It was a theme taken up by the international operations manager at ISWAN Chirag Bahri who said that no recognised crewing agent should be asking for money up front.

Bahri said the problem in India is that farmers want to get their families out of poverty and they believe if they send their children to be educated into a seafaring occupation where they can earn many times the wages in India that will help the entire family.

“Desperate parents borrow money or sell assets to raise the cash for their children to have a better life,” said Bahri, “Unscrupulous agents go to those villages and tell them they can earn dollars and make false promises.”

However, Bahri adds that the “registered [RPSL accredited] and non-registered agents are working hand in glove, the non-registered agents need the RPSL agents to assign a ship, so they share the money.”

Captain Daniel Joseph, deputy director of DGS said the government is inundated with complaints from the maritime sector with abandonment and non-RPSL agents a major proportion of the 500-600 complaints they receive a day.

Many of these agents operate online or in the Kolkata and Bihar regions, or more generally around the northeast of India.

Capt Joseph argues: “We are doing our best to give full support to seafarers and ensure seafarers get best possible support.”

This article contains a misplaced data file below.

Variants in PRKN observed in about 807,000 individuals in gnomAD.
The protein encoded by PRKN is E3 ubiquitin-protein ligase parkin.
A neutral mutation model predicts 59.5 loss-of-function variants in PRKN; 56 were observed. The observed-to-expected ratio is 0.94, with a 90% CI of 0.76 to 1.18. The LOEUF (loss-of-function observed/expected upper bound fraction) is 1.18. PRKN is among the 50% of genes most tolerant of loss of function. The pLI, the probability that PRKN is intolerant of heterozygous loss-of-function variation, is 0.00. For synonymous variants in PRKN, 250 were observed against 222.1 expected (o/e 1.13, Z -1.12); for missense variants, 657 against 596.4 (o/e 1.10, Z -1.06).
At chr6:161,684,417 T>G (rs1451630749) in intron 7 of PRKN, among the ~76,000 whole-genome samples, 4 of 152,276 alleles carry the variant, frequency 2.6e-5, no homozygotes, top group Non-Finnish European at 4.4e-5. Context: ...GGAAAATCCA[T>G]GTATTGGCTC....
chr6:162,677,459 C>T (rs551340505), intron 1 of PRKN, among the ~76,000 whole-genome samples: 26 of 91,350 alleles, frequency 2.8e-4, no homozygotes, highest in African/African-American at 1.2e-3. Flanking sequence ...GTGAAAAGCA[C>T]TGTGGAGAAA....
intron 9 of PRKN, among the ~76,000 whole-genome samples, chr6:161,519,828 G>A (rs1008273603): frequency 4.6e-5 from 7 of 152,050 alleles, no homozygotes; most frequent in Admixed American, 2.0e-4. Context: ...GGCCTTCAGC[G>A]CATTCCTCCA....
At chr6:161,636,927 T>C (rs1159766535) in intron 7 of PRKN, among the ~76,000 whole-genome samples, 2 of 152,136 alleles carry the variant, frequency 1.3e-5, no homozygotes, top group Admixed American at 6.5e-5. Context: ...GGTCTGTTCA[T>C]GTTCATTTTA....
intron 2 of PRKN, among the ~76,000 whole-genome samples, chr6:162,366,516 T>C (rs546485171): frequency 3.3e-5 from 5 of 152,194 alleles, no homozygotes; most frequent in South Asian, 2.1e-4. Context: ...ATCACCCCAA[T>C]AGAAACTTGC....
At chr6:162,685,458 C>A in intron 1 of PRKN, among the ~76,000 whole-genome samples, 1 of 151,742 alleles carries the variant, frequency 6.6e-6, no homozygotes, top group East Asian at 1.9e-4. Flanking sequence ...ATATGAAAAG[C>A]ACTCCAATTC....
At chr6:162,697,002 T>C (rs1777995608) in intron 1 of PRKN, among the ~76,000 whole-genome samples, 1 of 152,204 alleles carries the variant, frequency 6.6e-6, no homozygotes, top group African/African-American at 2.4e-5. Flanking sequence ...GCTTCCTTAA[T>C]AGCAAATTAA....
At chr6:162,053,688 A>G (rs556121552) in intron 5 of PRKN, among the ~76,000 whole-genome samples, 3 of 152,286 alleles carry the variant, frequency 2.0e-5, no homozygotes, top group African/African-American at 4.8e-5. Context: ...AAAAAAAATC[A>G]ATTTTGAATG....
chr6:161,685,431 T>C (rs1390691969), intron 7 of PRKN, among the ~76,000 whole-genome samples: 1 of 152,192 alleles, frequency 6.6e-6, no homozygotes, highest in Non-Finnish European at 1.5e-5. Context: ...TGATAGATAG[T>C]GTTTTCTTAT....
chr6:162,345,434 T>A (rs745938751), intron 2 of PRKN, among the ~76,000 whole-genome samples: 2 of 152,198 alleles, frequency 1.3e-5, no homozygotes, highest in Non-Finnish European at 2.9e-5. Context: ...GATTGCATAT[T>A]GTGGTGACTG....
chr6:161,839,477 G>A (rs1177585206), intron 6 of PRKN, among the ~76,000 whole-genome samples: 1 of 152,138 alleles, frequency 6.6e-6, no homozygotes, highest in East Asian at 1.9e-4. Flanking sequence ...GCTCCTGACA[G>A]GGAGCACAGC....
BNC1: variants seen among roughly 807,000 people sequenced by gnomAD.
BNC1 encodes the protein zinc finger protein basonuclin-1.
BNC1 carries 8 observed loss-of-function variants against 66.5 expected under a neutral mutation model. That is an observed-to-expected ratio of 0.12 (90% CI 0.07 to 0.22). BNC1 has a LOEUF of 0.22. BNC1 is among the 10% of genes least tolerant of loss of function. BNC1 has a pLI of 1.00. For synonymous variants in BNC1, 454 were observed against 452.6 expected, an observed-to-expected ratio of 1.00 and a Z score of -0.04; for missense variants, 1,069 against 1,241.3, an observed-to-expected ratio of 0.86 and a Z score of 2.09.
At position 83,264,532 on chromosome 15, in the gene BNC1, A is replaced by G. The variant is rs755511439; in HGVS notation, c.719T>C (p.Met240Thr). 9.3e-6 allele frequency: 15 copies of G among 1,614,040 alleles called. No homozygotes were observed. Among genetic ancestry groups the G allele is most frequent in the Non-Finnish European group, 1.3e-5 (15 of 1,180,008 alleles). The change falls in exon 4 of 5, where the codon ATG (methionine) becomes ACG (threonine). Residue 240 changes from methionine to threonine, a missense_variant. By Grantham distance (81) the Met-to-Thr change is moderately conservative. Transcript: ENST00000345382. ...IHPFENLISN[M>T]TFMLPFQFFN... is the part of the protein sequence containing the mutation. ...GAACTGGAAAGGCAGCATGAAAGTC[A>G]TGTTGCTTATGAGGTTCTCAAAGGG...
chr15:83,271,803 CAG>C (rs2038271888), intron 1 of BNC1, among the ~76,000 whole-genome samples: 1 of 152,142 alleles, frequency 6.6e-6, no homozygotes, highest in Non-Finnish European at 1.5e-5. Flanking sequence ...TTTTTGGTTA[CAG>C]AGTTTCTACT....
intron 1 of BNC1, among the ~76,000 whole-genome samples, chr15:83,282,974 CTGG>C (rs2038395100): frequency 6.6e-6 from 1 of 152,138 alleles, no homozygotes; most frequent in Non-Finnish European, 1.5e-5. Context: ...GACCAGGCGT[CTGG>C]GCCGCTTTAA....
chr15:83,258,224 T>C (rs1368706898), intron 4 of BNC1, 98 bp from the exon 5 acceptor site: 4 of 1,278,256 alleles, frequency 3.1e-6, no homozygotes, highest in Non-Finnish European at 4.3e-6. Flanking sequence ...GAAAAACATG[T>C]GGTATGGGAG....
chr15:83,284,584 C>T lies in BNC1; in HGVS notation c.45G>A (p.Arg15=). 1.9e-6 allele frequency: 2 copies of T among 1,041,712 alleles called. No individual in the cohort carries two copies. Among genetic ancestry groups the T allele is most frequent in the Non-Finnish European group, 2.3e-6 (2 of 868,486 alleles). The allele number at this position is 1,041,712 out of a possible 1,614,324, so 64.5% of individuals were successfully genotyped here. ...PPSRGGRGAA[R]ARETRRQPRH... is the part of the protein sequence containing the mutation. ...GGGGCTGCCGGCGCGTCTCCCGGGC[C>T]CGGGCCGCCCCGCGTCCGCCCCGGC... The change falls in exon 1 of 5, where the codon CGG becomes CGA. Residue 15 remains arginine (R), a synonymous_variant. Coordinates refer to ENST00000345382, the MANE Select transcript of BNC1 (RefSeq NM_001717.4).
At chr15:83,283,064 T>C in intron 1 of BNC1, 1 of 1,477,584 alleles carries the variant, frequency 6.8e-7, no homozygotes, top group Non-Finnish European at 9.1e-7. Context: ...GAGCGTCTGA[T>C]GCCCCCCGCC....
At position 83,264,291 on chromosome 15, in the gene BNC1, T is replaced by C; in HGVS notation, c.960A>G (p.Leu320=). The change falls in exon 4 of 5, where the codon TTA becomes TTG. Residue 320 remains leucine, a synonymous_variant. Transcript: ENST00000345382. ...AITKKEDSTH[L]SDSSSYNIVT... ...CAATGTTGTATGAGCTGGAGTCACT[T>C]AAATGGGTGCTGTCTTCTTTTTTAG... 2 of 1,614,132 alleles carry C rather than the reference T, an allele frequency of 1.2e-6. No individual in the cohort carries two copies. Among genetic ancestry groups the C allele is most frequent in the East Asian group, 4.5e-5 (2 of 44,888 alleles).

DGS is developing a series of awareness campaigns putting out circulars to seafarers and cadets in colleges, helping to enforce the law when an unscrupulous agent is brought to the DGS’ attention.

“This weekend we are holding an ‘open court’,” said Capt Joseph, an online question and answer session for seafarers to seek help from the deputy director himself.

However, he also stressed that it is critical that seafarers come forward and make complaints immediately so that the DGS and its investigative team can do its job and take action.

Capt Joseph adds that the DGS has rescinded many licences and successfully prosecuted unlicenced operators, which it says it lists on its website.

The ITF’s Trowsdale, however, said he has never seen an Indian crewing agency that has lost its licence, “seafarers report incidents to the police, but that has never been seen as a success,” he added.

Unions want government to take far tougher action on the rogue operators and is seeking a meeting with the DGS to develop a joint action plan to stop the illegal agents who are, he says, operating an effective slave trade.

TAGS: Regulation